Rob Zombie's Halloween isn't quite a remake of John Carpenter's 1978 slasher masterpiece. The first hour, which vividly and viciously imagines the dirt-bag childhood of an abject little psychopath named Michael Myers (the exquisitely wormy Daeg Faerch), might be considered a prequel. Yet even when it kicks in on familiar turfMichael's escape (slash) from the loony bin (strangle) and hunt (slaughter) for his sister, Laurie Strode (Scout Taylor-Compton) Zombie is up to something all his own. Horrific as it is, Halloween isn't so much a horror film as a biopic, and a superb one at that. The life and times of a fictional monster may not be as respectable a subject as a historical monster like, say, Idi Amin or Truman Capote, but Zombie's portrait is every bit as reverent, scrupulous and deeply felt as any Oscar-grubbing horror show. Note the strange circumspection, the discipline of tone, the utter lack of snark, the absolute denial of gore-for-gore's sake. (Yes, Eli Roth, there is such a thing as "torture porn" and you're a dumb, dirty perv.) Can you feel the love? If anything, Zombie indulges too much sympathy for the devil; his Halloween deepens Carpenter's vision without rooting out its fear.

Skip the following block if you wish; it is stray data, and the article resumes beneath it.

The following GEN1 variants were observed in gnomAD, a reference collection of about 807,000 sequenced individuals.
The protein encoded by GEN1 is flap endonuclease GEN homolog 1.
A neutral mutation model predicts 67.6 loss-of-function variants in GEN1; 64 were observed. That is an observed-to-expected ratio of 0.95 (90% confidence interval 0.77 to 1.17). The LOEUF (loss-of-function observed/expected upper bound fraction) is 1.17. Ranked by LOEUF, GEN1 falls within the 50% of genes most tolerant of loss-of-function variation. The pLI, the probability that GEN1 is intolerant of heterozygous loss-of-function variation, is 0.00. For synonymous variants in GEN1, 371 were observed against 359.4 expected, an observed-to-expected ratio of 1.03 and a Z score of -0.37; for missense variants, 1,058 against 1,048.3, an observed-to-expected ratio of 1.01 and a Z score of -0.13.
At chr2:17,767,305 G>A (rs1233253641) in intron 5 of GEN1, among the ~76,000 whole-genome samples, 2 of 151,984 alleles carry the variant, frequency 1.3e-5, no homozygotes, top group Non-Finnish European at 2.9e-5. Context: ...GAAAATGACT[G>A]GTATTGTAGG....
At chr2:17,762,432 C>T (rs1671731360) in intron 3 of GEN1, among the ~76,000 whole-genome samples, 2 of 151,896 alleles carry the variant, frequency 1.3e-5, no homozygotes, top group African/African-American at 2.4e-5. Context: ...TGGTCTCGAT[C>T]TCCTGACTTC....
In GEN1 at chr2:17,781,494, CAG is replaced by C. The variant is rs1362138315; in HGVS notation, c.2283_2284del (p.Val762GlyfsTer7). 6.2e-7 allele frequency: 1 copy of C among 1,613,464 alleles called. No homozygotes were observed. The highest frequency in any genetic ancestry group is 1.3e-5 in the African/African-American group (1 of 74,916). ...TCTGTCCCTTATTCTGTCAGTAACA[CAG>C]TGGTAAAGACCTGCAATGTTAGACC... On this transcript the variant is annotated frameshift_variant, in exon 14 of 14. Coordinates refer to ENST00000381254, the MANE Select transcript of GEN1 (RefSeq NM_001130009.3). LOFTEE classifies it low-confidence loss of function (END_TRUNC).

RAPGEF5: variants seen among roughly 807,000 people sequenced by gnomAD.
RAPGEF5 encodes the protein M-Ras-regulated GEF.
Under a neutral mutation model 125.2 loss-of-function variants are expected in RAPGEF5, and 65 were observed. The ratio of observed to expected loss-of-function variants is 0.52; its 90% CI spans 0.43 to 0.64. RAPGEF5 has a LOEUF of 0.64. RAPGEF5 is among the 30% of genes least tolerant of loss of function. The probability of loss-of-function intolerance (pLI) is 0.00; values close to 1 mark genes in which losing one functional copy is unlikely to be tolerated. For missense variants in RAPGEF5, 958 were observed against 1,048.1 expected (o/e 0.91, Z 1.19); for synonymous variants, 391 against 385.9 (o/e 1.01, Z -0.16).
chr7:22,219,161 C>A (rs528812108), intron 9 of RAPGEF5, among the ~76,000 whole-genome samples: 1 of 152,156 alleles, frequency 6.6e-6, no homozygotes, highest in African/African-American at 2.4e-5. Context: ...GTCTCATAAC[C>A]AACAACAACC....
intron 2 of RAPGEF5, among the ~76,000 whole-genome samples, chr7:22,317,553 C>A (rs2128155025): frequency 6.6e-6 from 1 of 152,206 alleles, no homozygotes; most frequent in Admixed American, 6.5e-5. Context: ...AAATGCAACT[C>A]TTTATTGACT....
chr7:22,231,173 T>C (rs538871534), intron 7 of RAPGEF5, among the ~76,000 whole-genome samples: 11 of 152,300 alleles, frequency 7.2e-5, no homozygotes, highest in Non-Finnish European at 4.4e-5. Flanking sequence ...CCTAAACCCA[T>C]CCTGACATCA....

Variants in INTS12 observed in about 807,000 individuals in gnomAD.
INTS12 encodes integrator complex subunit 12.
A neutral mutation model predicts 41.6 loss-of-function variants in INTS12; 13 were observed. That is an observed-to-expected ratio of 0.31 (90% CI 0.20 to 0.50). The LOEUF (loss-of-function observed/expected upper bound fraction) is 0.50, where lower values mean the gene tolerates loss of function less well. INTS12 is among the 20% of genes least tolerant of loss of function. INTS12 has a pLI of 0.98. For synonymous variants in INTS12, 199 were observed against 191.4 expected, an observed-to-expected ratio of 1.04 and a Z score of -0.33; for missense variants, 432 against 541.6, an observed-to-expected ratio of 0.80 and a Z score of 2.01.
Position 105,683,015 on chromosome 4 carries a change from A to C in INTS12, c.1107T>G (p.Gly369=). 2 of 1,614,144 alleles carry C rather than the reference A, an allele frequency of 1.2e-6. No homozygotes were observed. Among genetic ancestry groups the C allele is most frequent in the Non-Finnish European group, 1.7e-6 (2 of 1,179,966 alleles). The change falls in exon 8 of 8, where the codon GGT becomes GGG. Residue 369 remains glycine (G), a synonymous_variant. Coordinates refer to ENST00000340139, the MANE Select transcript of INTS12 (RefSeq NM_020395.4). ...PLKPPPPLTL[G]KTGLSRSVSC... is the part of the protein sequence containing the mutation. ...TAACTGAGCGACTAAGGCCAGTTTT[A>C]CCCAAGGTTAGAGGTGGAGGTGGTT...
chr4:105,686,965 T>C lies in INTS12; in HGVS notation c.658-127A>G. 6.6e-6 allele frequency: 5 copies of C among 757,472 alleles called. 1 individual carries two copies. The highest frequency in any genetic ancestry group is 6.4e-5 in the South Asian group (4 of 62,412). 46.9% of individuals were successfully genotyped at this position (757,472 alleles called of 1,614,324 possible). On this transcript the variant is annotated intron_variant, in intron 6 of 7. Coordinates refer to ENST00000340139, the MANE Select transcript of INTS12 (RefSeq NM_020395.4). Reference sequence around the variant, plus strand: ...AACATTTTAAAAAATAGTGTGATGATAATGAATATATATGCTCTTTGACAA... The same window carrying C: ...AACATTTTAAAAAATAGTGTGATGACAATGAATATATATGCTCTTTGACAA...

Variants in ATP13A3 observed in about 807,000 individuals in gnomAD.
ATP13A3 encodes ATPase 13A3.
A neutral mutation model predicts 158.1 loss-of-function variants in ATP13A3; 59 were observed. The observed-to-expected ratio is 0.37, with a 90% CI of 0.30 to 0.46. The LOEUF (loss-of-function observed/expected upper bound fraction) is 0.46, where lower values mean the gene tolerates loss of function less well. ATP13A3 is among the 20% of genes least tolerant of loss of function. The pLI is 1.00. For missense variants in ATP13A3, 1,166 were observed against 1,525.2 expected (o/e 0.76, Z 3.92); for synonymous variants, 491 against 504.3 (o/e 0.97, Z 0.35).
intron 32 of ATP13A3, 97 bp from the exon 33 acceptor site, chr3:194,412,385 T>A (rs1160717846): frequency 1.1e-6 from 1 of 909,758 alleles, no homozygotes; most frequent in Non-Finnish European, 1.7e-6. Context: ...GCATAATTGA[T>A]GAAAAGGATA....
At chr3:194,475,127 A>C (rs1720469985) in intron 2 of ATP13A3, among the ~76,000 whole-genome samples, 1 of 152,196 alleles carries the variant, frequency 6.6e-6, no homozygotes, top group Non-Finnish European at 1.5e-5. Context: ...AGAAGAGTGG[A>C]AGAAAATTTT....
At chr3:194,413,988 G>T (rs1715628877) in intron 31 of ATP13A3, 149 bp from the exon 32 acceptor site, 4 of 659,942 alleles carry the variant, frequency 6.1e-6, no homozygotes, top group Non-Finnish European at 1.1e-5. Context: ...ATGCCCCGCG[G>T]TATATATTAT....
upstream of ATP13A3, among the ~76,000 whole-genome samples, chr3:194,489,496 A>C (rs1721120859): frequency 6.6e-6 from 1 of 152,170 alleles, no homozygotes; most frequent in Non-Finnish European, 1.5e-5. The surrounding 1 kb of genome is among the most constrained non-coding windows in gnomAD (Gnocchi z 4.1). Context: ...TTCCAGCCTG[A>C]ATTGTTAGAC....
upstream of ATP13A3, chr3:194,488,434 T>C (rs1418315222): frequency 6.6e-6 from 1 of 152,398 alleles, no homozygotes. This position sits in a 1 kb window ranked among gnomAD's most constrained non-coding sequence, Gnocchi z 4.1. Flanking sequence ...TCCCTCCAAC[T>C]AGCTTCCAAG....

Rob ZombieDaeg Faerch, Danielle Harris, Malcolm McDowell, Danny Trejo, Sheri Moon, Dee Wallace-Stone, Scout Taylor-Compton, William Forsythe, Tyler Mane, Hanna HallJohn Carpenter, Debra Hill, Rob ZombieMalek Akkad, Andy Gould, Rob ZombieMGM